Thursday, July 24, 2014

Aggies respect South Alabama

October 22, 2010 |

Enterprise staff writer

Throw away the statistics.

The gaudy numbers South Alabama has put up in 2010 Ñ such as a point differential of 282-30 while outgaining foes more than 2-to-1 in yardageÑ actually mean very little. The schedule has been weak.

But, as UC Davis head coach Bob Biggs points out, it would be unwise to discount the Jaguars simply because of whom theyÕve played.

On Saturday at Aggie Stadium, the Aggies host South Alabama, a relatively unknown second-year program that will be a Football Bowl Subdivision squad in 2013.

UCD is coming off a bye week and is taking a break from Great West play for this nonconference contest.

ÒYou donÕt evaluate them based on who they play, but on their schemes: Are they well coached and are their techniques sound?Ó Biggs said. ÒItÕs easy to diminish their team a little bit because of whom they played, but you canÕt do that. If you watch the film Ñ and our players see it, too Ñ itÕs more tell-tale about what kind of a football team they are.Ó

The Aggies (3-3) are aware of what South Alabama (6-0) has done over the past two years.

Biggs said he looks at the stats for the upcoming opponent on the Sunday before the game just to get a feel for what the opponent has, but doesnÕt provide much to the players outside of the scores.

Additionally, Biggs said he and his staff generally donÕt scout individual players on the opposing team as much as what the team does on the field.

ThatÕs especially true for the Jaguars because so many different players have seen time due to the blowouts.

ÒTheyÕre not going to change because one guy isnÕt playing, theyÕre still going to run the same schemes,Ó Biggs explained. ÒLater in the week, our players will focus on the corners and their technique and how is one different than the other Ñ that sort of thing. But thatÕs not what youÕre studying initially.Ó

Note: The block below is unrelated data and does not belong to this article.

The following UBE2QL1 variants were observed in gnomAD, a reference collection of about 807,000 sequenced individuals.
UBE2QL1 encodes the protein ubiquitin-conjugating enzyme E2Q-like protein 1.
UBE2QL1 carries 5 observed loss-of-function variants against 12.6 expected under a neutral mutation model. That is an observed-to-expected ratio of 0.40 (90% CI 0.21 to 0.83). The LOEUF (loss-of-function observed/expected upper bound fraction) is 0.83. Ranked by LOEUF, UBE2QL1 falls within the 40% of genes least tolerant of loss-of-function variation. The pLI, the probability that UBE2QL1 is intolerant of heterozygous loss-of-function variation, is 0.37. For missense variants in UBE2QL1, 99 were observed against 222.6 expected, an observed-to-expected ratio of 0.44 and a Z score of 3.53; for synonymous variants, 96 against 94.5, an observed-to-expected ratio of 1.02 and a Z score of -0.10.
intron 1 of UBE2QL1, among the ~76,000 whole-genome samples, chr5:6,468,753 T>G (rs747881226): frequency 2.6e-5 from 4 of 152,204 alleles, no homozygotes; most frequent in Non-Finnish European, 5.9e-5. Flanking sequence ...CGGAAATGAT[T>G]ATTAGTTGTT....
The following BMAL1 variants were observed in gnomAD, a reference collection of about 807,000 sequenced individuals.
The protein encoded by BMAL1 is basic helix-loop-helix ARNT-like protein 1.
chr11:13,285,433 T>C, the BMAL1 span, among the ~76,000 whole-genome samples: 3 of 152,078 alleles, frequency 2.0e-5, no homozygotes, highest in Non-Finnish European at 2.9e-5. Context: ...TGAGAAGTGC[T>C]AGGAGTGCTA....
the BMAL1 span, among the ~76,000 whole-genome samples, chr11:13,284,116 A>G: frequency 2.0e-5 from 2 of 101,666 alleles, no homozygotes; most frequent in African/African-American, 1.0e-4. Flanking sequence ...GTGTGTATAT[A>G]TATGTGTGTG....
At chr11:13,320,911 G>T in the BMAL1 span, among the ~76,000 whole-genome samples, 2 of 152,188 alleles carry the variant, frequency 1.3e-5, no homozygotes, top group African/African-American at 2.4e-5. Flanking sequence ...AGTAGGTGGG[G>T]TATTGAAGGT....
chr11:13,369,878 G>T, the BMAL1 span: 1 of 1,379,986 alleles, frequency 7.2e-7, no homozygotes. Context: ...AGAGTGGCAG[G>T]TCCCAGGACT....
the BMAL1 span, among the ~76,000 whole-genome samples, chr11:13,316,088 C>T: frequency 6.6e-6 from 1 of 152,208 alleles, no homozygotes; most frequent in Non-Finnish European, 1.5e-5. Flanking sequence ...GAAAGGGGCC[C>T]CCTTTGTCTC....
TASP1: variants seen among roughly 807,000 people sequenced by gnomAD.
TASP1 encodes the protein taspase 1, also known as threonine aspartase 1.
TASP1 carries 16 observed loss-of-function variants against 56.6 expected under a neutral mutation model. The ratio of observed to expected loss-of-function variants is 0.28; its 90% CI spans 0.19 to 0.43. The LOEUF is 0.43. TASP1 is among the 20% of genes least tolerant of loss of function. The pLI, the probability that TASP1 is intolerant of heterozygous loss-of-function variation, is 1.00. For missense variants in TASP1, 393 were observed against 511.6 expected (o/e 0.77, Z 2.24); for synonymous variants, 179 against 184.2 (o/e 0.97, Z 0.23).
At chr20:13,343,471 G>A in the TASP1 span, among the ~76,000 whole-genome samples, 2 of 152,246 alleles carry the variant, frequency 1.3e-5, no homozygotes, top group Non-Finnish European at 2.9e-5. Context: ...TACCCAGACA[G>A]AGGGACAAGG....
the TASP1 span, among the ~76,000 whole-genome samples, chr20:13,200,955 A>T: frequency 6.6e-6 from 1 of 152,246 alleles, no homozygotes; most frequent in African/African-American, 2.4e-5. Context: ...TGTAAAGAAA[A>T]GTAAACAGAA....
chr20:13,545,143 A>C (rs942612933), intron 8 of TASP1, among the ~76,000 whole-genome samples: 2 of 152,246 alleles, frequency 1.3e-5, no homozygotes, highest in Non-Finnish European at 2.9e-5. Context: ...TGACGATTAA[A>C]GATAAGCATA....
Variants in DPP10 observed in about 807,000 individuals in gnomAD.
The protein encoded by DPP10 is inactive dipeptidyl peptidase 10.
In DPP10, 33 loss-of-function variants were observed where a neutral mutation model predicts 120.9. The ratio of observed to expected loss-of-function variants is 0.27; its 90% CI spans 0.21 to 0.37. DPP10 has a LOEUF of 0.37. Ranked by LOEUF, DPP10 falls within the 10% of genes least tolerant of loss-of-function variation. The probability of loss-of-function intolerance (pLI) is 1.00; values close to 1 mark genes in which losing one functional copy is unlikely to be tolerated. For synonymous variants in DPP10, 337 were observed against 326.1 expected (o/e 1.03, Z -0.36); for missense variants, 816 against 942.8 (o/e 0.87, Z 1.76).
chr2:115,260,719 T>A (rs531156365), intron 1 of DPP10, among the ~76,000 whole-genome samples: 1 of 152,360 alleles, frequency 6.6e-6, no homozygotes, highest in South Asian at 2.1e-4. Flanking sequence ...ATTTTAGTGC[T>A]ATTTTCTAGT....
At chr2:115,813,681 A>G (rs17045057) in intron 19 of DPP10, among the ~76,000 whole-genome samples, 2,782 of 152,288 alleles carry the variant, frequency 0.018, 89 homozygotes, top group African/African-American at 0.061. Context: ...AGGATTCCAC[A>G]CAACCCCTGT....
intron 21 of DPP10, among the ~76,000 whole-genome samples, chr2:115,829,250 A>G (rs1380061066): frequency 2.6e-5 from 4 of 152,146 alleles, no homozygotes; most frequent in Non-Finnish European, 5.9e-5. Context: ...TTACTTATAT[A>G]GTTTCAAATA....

The hard part for the Aggie offense in its scouting is that the Alabama defense hasnÕt been placed in many tough situations. While the Jags have been in the red zone 41 times, opponents have made it there on only six occasions.

But for the most part, UCD is worried more about itself than anything.

The Aggie offense and quarterback Randy Wright have been clicking since the second half against San Jose State on Oct. 2, but they continue to have issues turning long drives into touchdowns. Converting on third downs has been problematic.

ÒWe did our red zone stuff today and we donÕt have many clips of them in the red zone so thatÕs a little tough,Ó wide receiver Anthony Soto said after Thursday practice. ÒOffensively, we feel like weÕre improving, even if we havenÕt put up as many points as we would like. We feel like weÕre really close to putting up a lot of points, so we look forward to doing that the next couple games.Ó

The defense didnÕt have the same problem.

The Jaguar offense has run almost 60 plays per game, giving UCD plenty of opportunity to create a defensive plan.

South Alabama will look to establish the run first with tailbacks Kendall Houston and Brandon Ross to set up bootlegs and play-action passes. Biggs added that the Jaguars havenÕt been much of a dropback passing team.

ÒTheir offense isnÕt too complicated, so weÕre really focusing on bearing down on what theyÕre doing in certain formations,Ó said cornerback Jonathan Perkins. ÒWeÕre just going to play our defense and play hard. Nothing changes for us.Ó

Even though the Aggies donÕt know exactly how talented the Jaguars are, they know this is not an opponent that can be overlooked.

ÒObviously theyÕre not playing any premier competition, but you can see they still have some athletes and guys who can run around,Ó Soto added. ÒTheyÕre a little bit undersized, but they get after it so offensively weÕre going to have to be on our game.Ó

Ñ Reach Conor Tekautz at or (530) 747-8049. Comment on this story or check out The Enterprise sports blog at To view photo galleries and purchase prints of UCD football visit


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